Photo: Dana via FlickrThe Swinomish Indian Tribal Community defends its recent hiring of a dental therapist as an act of tribal sovereignty, despite continued resistance from the dental community.
A recent news package in the Seattle Times detailed the challenges faced by poor Medicaid patients in seeking dental care.
Now members of the newspaper’s editorial board are calling for reforms they say would improve access to dental services in the state.
“Too many of Washington’s residents insured by Medicaid are not able to get the dental care they need, which endangers their general health as well,” they wrote in the editorial.
“Two simple things should be considered to improve the situation. The state could explore licensing dental therapists, who can provide limited basic services at a much lower cost than dentists,” the editors noted. “The other is to begin increasing Medicaid reimbursement rates, at least for certain patients, especially those at risk for costly health complications.” Continue reading
Last July, Brian Cladoosby, leader of the Swinomish Indian Tribal Community in Washington, announced that his Puget Sound-based tribe was preparing to take a controversial step in an effort to address its longtime problems with tooth decay.
“We as Indians have long faced an oral health crisis and the crisis is only growing,” noted Cladoosby. “But there just aren’t enough dentists in Indian Country to address the crisis … That is why we are expanding the Swinomish dental team through the proven solution of training and employing dental health aide therapists.” Continue reading
In early 2014, a 4-year-old Dallas boy named Salomon Barahona Jr. died after undergoing sedation for a dental procedure.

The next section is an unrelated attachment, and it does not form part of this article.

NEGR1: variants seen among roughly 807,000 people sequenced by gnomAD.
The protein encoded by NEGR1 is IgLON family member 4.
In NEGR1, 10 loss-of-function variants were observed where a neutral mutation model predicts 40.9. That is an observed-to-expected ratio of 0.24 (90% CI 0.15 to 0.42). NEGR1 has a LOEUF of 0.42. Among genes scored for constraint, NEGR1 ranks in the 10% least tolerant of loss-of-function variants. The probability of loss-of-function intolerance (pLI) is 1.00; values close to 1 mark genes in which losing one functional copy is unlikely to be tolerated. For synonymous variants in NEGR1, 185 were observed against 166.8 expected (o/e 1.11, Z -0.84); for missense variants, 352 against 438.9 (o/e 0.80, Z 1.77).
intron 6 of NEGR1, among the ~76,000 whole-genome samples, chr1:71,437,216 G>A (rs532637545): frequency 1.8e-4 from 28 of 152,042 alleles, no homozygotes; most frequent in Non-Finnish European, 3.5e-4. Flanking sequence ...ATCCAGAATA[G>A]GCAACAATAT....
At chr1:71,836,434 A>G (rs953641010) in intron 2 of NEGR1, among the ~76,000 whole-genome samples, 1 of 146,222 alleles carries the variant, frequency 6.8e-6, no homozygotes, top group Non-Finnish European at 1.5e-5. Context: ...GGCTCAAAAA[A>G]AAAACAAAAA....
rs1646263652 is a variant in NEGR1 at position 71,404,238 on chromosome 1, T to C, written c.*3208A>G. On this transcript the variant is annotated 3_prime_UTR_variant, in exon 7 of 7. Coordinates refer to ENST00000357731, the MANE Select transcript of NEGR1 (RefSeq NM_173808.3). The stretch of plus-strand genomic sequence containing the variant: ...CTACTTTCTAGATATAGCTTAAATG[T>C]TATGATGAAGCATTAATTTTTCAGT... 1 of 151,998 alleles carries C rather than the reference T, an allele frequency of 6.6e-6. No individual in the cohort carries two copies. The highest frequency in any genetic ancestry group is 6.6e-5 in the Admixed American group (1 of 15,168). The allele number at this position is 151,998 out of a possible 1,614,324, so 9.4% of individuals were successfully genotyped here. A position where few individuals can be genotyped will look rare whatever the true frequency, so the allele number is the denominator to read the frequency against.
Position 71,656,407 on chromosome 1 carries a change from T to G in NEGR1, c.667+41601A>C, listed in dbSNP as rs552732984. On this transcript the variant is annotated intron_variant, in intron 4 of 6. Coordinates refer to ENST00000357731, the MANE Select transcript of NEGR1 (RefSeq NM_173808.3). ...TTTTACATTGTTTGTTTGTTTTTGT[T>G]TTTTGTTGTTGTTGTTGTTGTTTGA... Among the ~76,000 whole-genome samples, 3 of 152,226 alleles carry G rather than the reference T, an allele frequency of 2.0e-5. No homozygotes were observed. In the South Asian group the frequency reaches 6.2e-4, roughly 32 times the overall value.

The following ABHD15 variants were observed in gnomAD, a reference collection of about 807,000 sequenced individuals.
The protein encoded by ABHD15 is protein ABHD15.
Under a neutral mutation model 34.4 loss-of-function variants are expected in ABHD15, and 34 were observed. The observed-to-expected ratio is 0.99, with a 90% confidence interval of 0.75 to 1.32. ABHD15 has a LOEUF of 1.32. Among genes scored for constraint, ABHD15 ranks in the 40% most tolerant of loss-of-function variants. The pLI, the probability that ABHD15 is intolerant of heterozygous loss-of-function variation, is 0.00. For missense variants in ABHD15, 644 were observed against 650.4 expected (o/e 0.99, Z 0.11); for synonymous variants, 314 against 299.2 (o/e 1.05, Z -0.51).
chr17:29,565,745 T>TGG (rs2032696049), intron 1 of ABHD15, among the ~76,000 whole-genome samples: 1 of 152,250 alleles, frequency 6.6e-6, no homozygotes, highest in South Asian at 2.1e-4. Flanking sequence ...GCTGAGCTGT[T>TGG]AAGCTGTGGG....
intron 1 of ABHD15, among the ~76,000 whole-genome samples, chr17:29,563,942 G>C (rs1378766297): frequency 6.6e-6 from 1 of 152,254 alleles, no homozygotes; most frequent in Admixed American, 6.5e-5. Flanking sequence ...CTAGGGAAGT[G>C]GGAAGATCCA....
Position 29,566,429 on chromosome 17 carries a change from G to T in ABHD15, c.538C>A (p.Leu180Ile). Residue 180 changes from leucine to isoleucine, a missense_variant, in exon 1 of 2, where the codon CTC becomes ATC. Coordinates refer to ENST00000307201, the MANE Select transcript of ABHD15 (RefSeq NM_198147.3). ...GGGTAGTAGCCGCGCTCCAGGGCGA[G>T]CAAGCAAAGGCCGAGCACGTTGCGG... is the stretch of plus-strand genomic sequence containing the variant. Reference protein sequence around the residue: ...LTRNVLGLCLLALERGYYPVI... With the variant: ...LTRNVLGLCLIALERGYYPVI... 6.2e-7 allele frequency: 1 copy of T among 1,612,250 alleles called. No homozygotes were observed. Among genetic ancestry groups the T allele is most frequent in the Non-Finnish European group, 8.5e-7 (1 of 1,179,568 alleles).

The child’s death spurred Dallas Morning News reporter Brooks Egerton to embark upon what turned out to be a major reporting project – an 18-month investigation of dental safety in the United States.
Egerton sifted through thousands of records detailing patient harm and endangerment drawn from many sources: state and federal regulators, police, coroners, academic researchers, courts, litigators, insurers, dental schools and dentists themselves. Continue reading
States across the country have shown progress in getting more Medicaid-eligible children into dental chairs in recent years.
Meanwhile, poor adults in many areas continue to go without care. A new study concludes that while 95 percent of American adults value keeping their mouths healthy, low-income adults often fail to achieve it. Continue reading
In a recent seven-part series for the Dallas Morning News, investigative reporter Brooks Egerton explores dental treatments that have ended tragically and gaps in the enforcement system that is supposed to hold the nation’s dentists accountable.
The Deadly Dentistry series opens with the story of a 4-year-old Dallas boy, Salomon Barahona Jr., who died in early 2014 after undergoing sedation for a dental procedure. Continue reading